Science.gov (United States)

    Breslin, Gavin; Brennan, Deirdre

    2012-01-01

    We describe the design of a school-based healthy lifestyle intervention for eight-year-old to nine-year-old school children from lower socio-economic backgrounds, intended to increase physical activity, decrease sedentary behaviours, reduce screen-time behaviours, encourage healthy attitudes and behaviours to nutrition, and reduce body mass index.…

  15. Physical Activity and Social Support in Adolescents: A Systematic Review

    Science.gov (United States)

    Mendonça, Gerfeson; Cheng, Luanna Alexandra; Mélo, Edilânea Nunes; de Farias, José Cazuza, Jr.

    2014-01-01

    The objective of this review was to systematically synthesize the results of original studies on the association between physical activity and social support in adolescents, published until April 2011. Searches were carried out in Adolec, ERIC, Lilacs, Medline, SciELO, Scopus, SportsDiscus and Web of Science electronic databases and the reference…

  16. Playful persuasion to support older adults’ social and physical activities

    NARCIS (Netherlands)

    Romero Herrera, N.A.; Sturm, Janienke; Bekker, M.M.; Valk, de L.C.T.; Kruitwagen, S.

    2010-01-01

    In this paper we describe a case study in which we examine how to develop playful persuasive solutions to motivate older adults to maintain or increase their social and physical activities. By including various stakeholders (older adults, family, and care givers) and by designing for transitions in

  17. Social construction of physical knowledge of shadows: A study of five preoperational children's perceptions, collaborative experiences, and activities across knowledge domains

    Science.gov (United States)

    Smith, Amy M.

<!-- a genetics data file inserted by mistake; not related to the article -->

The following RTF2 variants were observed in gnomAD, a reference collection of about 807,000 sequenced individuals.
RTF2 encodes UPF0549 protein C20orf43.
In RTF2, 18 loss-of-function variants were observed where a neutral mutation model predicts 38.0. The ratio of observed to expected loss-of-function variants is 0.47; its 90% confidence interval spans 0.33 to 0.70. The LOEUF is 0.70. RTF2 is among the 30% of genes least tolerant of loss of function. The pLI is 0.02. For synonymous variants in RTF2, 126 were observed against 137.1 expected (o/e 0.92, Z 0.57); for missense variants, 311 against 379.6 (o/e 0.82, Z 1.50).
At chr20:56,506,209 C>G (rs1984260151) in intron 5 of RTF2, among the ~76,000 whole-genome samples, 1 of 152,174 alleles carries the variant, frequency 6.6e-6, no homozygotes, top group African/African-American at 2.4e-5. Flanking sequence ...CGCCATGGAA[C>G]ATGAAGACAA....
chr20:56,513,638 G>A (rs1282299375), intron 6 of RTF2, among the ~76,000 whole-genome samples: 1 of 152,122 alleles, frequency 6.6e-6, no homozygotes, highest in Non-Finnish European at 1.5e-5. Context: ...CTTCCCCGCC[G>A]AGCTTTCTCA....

The first purpose of this qualitative case study was to understand the process of social construction of physical knowledge of shadows among preoperational thinkers by examining collaborative behaviors that may lead to new knowledge. The second purpose was to understand children's perspectives concerning the connection between social interaction and learning. The study focused on group collaboration and physical knowledge building as they relate to preoperational thought, a phase of cognitive development in early childhood. The case study consisted of five kindergarten children enrolled in a private, laboratory school at a southern, urban university. Across the eight-week data collection period, the children explored shadows through planned activities on 10 occasions and were interviewed three times in a focus group context. Primary methods for collecting data included videotaping the interviews and participant observations. Data were transcribed and coded inductively to discover emerging patterns while relating these patterns to existing constructivist theories. In addition, field notes, artifacts, and interviews with the children's teacher served to verify the findings. The findings revealed four major themes. Firstly, in terms of collaborative learning, children, while exhibiting a focus on the self, were attracted to learning with each other. Secondly, interactions seldom involved dialogic complexity, revealing minimal rationale, even during conflict. Thirdly, negative behaviors, such as tattling and exclusion, and prosocial behaviors, such as helping, were perceived as integral to the success of social construction of knowledge. The children considered each of these moral behaviors from the personal standpoint of how it affected them emotionally and in accomplishing a learning-related task. Fourthly, in terms of knowledge building, the findings indicated children's knowledge of shadows evolved over time as they participated in a developing scientific community